Residents of the Sunshine State will head to the polls soon. But, it is not for an election. It is not a gubernatorial race. Nor, is it a legislative race. It is to resolve an issue that has garnered much discussion. It is a vote on an amendment to the state constitution.
Amendment Number 3 has been pitched as a battle against two different areas in the state and competing interests. The gambling industry has been pumping money into the state for months. It hopes to try and sway public opinion of the proposed amendment.
Gambling in Florida
Gambling has taken an interesting turn in the Sunshine State. Horse racing has been legal in the state for decades. Florida bills itself as a horse state, especially in its northern part. Pari-mutuel betting has been legal since the 1930s. More and more people from the North began to migrate to the South at this time. Florida has many race tracks all over the state where gambling on horse racing is legal. Horse tracks want to have slot machines placed on their race tracks.
In addition, raffles and lotteries have also been legal in Florida for decades. The state has many bingo halls that benefit nonprofit charities, such as the Veterans of Foreign Wars. The state participates in both state and multistate lotteries as well.
Casino gambling has been the subject of many discussions lately in the Sunshine State. Currently, the only land-based casinos allowed in the state are Indian casinos, which can operate because of federal law. State law prohibits gambling in casinos. The other casinos in Florida are on ships. The ships leave domestic waters for international waters, and that means people can play casino games.
Amendment 3, which residents will vote on in November, states citizens must approve any new gambling measure, especially casino gambling. This is in direct conflict with the state’s current law. This law states the Florida Legislature must decide when to grant casino licenses. It also decides who should receive them. The amendment is the result of grassroots lobbying by people who do not want any additional gaming in the state. This is especially the case with churches in the state, many of which believe that gambling is a sin.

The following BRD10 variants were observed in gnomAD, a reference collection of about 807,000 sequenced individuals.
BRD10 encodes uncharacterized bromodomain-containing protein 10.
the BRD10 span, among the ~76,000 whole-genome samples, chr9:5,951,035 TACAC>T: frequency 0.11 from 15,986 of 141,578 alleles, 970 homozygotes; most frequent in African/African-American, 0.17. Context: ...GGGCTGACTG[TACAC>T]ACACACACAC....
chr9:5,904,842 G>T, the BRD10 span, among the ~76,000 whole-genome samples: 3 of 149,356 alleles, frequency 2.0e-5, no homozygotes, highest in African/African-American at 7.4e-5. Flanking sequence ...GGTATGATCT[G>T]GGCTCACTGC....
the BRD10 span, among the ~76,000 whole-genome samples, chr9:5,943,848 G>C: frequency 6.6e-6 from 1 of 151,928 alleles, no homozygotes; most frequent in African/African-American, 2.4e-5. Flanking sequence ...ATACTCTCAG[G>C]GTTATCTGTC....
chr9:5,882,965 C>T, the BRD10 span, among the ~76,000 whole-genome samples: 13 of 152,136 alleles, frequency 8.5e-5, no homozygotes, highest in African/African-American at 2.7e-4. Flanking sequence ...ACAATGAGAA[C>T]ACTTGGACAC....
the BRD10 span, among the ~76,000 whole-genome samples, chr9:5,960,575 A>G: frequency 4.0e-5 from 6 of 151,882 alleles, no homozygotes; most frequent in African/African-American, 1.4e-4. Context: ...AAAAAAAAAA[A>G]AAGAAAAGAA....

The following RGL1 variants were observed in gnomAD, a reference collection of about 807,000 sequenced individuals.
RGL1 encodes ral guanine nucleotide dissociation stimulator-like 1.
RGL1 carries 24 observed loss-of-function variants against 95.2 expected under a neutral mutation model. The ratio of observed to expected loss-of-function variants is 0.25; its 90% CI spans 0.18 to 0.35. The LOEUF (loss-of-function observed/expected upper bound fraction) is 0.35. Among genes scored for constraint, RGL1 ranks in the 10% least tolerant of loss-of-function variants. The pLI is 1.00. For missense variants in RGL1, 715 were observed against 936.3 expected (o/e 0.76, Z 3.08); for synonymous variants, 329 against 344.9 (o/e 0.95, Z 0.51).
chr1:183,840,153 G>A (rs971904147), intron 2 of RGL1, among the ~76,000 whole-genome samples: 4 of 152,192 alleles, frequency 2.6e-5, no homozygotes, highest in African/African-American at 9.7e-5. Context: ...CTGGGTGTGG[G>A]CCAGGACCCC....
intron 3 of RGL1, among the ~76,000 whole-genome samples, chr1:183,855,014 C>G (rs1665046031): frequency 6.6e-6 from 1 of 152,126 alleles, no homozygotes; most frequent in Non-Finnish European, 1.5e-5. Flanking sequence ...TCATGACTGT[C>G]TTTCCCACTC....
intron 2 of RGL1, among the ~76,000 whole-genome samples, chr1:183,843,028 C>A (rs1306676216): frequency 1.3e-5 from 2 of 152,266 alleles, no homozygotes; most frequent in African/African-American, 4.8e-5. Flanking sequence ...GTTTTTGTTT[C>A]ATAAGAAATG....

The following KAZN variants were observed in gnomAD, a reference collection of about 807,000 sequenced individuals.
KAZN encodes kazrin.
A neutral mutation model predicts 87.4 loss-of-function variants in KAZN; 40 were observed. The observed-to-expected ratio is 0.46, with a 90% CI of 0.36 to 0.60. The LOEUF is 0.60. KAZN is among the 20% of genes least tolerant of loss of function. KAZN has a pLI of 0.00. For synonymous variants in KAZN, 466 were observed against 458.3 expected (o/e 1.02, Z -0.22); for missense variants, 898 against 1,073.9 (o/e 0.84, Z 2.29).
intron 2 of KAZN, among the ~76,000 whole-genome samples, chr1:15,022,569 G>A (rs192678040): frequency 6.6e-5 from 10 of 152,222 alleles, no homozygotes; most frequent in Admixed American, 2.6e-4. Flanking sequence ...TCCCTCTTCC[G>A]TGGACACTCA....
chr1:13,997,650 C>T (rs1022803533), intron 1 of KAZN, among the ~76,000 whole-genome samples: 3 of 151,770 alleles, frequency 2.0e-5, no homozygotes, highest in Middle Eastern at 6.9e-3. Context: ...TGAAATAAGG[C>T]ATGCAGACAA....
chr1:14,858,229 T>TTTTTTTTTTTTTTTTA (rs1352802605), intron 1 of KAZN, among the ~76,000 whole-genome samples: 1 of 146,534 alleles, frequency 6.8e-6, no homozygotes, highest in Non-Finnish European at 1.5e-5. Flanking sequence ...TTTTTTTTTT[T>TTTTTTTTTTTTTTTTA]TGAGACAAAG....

Support and opposition
However, there are many opponents to the proposed gaming amendment, and they have been pouring money into defeating the amendment. Over four days in September, gambling interests paid $1.25 million into the “No on 3” measure, to defeat the bill. The Citizens for Truth About Amendment 3 is the committee leading the lobbying efforts against the bill. MGM Resorts International, Jacksonville Greyhound Racing, and the South Florida Racing Association have all contributed to the fund for the lobbying group. Formed in July, the committee has raised nearly $4 million to defeat the bill.
Interestingly, there are other gambling interests that support the bill. Both The Walt Disney Co. and the Seminole Tribe of Florida are in favor of the amendment. While at first glance, casinos would seem to be behind the increase in gaming, there are differing opinions. Disney does not want any more gaming because it believes there is enough gaming already. Disney actively promotes a family-friendly atmosphere. Gambling does not represent that, the company says. The Seminole Tribe, which owns the Hard Rock franchises, including restaurants and casinos, also does not want competition.
To change the constitution, at least 60 percent of the voters in Florida must approve the amendment. It would require voter approval for all casinos and casino-like games.
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